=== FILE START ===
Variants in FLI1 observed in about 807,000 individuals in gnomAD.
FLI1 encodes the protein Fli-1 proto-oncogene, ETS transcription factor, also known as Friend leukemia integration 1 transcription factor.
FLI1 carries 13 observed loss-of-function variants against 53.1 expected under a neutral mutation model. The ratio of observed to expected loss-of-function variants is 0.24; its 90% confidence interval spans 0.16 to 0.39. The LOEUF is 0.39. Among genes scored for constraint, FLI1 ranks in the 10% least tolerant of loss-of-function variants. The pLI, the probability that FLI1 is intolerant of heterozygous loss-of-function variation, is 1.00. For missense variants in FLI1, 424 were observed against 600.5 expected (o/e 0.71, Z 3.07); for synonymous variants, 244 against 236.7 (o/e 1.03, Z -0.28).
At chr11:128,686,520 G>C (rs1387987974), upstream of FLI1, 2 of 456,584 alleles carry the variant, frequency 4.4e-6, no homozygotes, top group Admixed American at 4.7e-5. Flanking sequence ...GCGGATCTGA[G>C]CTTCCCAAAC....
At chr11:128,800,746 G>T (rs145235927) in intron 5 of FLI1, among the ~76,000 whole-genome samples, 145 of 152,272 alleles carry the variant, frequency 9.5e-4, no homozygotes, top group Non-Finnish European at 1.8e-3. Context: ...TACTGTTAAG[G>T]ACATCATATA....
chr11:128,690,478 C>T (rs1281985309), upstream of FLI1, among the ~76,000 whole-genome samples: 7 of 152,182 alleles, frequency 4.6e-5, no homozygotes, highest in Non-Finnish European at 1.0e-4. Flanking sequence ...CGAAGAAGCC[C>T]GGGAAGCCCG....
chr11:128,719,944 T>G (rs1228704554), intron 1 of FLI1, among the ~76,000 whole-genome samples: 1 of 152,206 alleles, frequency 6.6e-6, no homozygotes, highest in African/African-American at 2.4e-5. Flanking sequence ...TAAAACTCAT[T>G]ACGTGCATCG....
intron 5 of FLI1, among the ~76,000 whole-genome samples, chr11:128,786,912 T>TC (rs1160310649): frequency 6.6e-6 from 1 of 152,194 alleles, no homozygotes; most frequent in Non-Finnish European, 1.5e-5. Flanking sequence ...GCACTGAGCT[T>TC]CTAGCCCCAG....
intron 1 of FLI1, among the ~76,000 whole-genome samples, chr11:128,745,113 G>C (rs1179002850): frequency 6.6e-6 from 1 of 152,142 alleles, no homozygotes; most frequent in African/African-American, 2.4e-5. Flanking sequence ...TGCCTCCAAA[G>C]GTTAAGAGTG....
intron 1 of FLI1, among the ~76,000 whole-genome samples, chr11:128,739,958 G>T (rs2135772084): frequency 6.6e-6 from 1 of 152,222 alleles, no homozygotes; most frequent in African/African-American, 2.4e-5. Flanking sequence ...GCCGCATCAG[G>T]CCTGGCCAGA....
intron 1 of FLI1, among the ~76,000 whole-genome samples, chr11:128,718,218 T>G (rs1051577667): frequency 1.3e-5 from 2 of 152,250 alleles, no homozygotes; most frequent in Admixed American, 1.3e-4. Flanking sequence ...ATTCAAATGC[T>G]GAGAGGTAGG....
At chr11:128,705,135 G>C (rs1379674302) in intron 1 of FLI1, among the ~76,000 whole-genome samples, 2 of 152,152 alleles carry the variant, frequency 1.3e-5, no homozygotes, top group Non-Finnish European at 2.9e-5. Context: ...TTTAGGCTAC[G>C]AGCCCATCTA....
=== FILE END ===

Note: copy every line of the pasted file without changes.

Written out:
Variants in FLI1 observed in about 807,000 individuals in gnomAD.
FLI1 encodes the protein Fli-1 proto-oncogene, ETS transcription factor, also known as Friend leukemia integration 1 transcription factor.
FLI1 carries 13 observed loss-of-function variants against 53.1 expected under a neutral mutation model. The ratio of observed to expected loss-of-function variants is 0.24; its 90% confidence interval spans 0.16 to 0.39. The LOEUF is 0.39. Among genes scored for constraint, FLI1 ranks in the 10% least tolerant of loss-of-function variants. The pLI, the probability that FLI1 is intolerant of heterozygous loss-of-function variation, is 1.00. For missense variants in FLI1, 424 were observed against 600.5 expected (o/e 0.71, Z 3.07); for synonymous variants, 244 against 236.7 (o/e 1.03, Z -0.28).
At chr11:128,686,520 G>C (rs1387987974), upstream of FLI1, 2 of 456,584 alleles carry the variant, frequency 4.4e-6, no homozygotes, top group Admixed American at 4.7e-5. Flanking sequence ...GCGGATCTGA[G>C]CTTCCCAAAC....
At chr11:128,800,746 G>T (rs145235927) in intron 5 of FLI1, among the ~76,000 whole-genome samples, 145 of 152,272 alleles carry the variant, frequency 9.5e-4, no homozygotes, top group Non-Finnish European at 1.8e-3. Context: ...TACTGTTAAG[G>T]ACATCATATA....
chr11:128,690,478 C>T (rs1281985309), upstream of FLI1, among the ~76,000 whole-genome samples: 7 of 152,182 alleles, frequency 4.6e-5, no homozygotes, highest in Non-Finnish European at 1.0e-4. Flanking sequence ...CGAAGAAGCC[C>T]GGGAAGCCCG....
chr11:128,719,944 T>G (rs1228704554), intron 1 of FLI1, among the ~76,000 whole-genome samples: 1 of 152,206 alleles, frequency 6.6e-6, no homozygotes, highest in African/African-American at 2.4e-5. Flanking sequence ...TAAAACTCAT[T>G]ACGTGCATCG....
intron 5 of FLI1, among the ~76,000 whole-genome samples, chr11:128,786,912 T>TC (rs1160310649): frequency 6.6e-6 from 1 of 152,194 alleles, no homozygotes; most frequent in Non-Finnish European, 1.5e-5. Flanking sequence ...GCACTGAGCT[T>TC]CTAGCCCCAG....
intron 1 of FLI1, among the ~76,000 whole-genome samples, chr11:128,745,113 G>C (rs1179002850): frequency 6.6e-6 from 1 of 152,142 alleles, no homozygotes; most frequent in African/African-American, 2.4e-5. Flanking sequence ...TGCCTCCAAA[G>C]GTTAAGAGTG....
intron 1 of FLI1, among the ~76,000 whole-genome samples, chr11:128,739,958 G>T (rs2135772084): frequency 6.6e-6 from 1 of 152,222 alleles, no homozygotes; most frequent in African/African-American, 2.4e-5. Flanking sequence ...GCCGCATCAG[G>T]CCTGGCCAGA....
intron 1 of FLI1, among the ~76,000 whole-genome samples, chr11:128,718,218 T>G (rs1051577667): frequency 1.3e-5 from 2 of 152,250 alleles, no homozygotes; most frequent in Admixed American, 1.3e-4. Flanking sequence ...ATTCAAATGC[T>G]GAGAGGTAGG....
At chr11:128,705,135 G>C (rs1379674302) in intron 1 of FLI1, among the ~76,000 whole-genome samples, 2 of 152,152 alleles carry the variant, frequency 1.3e-5, no homozygotes, top group Non-Finnish European at 2.9e-5. Context: ...TTTAGGCTAC[G>C]AGCCCATCTA....